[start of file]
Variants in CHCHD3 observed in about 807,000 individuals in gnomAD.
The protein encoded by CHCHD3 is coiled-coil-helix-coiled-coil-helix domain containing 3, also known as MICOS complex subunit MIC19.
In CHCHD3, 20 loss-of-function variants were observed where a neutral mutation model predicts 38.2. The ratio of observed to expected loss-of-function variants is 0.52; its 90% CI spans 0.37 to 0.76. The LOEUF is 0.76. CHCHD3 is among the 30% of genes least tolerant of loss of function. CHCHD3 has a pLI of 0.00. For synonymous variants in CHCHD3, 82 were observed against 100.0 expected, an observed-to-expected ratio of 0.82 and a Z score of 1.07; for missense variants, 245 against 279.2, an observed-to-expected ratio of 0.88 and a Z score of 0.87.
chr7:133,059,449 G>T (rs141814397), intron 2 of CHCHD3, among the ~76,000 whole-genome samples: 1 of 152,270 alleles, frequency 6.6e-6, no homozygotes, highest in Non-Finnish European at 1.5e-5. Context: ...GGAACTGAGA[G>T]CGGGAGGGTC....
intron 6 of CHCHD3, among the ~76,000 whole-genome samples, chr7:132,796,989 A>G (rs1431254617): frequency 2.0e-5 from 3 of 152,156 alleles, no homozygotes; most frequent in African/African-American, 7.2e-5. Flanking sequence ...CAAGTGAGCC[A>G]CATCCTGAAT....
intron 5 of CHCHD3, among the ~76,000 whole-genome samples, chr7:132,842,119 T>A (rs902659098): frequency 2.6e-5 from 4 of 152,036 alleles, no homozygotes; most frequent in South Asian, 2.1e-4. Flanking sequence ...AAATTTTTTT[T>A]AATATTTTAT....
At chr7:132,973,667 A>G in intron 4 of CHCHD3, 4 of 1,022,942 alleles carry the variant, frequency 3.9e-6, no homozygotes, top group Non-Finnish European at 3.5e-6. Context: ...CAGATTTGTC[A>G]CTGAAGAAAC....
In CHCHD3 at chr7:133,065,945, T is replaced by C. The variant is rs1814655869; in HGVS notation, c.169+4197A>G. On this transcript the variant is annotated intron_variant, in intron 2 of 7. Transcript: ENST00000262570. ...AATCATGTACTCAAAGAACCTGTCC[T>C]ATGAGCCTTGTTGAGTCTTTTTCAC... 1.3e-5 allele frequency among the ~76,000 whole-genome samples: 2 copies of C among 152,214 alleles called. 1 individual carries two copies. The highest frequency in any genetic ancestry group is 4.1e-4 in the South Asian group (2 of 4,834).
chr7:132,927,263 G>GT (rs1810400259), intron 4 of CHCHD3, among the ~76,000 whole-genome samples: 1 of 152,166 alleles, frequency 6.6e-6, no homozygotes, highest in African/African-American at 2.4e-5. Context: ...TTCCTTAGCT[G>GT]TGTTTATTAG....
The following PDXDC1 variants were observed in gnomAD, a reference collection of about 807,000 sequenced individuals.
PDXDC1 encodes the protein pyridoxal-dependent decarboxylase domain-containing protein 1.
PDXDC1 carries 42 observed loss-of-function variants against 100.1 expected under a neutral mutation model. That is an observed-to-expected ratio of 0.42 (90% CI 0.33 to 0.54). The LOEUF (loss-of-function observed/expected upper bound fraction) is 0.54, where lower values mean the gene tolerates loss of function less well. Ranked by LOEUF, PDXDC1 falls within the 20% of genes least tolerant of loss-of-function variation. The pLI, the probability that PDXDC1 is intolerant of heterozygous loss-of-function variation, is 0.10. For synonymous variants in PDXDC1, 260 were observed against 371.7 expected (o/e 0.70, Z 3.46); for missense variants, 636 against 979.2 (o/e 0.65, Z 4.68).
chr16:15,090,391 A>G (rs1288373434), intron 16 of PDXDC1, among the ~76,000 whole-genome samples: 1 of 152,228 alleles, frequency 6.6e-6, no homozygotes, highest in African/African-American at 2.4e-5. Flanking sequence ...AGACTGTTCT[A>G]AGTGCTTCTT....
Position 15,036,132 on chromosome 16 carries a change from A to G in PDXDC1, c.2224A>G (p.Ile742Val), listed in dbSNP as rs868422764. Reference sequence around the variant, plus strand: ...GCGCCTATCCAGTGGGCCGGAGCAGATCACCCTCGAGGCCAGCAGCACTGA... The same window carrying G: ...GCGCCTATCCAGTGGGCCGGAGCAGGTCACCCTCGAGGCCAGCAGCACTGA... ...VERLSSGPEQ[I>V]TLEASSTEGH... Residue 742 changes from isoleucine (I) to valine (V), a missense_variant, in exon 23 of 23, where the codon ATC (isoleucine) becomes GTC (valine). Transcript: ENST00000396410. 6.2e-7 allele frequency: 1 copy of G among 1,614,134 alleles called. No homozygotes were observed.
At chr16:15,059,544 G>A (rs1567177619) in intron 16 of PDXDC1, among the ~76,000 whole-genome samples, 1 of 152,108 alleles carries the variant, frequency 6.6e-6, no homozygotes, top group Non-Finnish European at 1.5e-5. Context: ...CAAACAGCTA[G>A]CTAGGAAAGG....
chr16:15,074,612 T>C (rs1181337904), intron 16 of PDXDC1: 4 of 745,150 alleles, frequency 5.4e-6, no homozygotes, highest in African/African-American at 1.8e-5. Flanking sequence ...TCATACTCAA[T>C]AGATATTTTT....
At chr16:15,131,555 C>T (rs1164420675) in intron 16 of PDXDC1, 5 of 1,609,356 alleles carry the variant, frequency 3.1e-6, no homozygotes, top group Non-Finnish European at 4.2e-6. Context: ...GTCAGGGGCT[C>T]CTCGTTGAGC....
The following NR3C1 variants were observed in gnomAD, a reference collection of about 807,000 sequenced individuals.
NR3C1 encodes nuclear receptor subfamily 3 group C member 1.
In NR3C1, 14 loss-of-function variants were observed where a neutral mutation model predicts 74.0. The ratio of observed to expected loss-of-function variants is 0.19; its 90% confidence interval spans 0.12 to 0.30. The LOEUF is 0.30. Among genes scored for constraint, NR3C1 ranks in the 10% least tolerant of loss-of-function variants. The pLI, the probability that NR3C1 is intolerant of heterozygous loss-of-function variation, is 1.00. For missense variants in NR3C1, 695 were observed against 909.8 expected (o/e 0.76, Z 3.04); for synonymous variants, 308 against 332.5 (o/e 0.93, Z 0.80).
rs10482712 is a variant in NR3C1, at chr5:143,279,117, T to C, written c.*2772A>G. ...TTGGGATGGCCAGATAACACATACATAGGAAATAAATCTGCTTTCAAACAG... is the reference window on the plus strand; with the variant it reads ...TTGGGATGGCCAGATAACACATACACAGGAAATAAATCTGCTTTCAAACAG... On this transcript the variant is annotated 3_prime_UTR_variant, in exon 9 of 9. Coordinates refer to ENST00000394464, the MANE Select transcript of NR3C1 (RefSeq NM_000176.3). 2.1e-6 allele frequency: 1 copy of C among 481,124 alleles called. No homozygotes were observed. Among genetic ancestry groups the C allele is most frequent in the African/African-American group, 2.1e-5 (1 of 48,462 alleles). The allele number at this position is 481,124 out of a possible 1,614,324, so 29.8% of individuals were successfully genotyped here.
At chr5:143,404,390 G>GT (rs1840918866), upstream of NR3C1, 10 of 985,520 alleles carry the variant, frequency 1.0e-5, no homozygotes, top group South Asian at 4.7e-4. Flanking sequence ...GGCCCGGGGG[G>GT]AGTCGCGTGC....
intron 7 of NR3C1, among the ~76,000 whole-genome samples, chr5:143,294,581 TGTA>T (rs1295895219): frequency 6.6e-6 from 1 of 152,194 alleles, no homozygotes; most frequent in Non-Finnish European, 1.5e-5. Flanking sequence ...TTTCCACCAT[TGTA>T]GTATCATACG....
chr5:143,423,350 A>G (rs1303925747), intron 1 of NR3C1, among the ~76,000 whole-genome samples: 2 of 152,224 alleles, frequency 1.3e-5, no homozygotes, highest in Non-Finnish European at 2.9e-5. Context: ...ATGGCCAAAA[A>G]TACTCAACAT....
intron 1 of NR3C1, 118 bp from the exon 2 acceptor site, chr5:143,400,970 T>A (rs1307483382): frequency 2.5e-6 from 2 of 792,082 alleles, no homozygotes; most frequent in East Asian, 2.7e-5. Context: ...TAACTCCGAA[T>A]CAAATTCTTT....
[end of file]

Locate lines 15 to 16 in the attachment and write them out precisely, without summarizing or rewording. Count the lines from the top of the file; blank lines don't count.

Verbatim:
At chr16:15,059,544 G>A (rs1567177619) in intron 16 of PDXDC1, among the ~76,000 whole-genome samples, 1 of 152,108 alleles carries the variant, frequency 6.6e-6, no homozygotes, top group Non-Finnish European at 1.5e-5. Context: ...CAAACAGCTA[G>A]CTAGGAAAGG....
chr16:15,074,612 T>C (rs1181337904), intron 16 of PDXDC1: 4 of 745,150 alleles, frequency 5.4e-6, no homozygotes, highest in African/African-American at 1.8e-5. Flanking sequence ...TCATACTCAA[T>C]AGATATTTTT....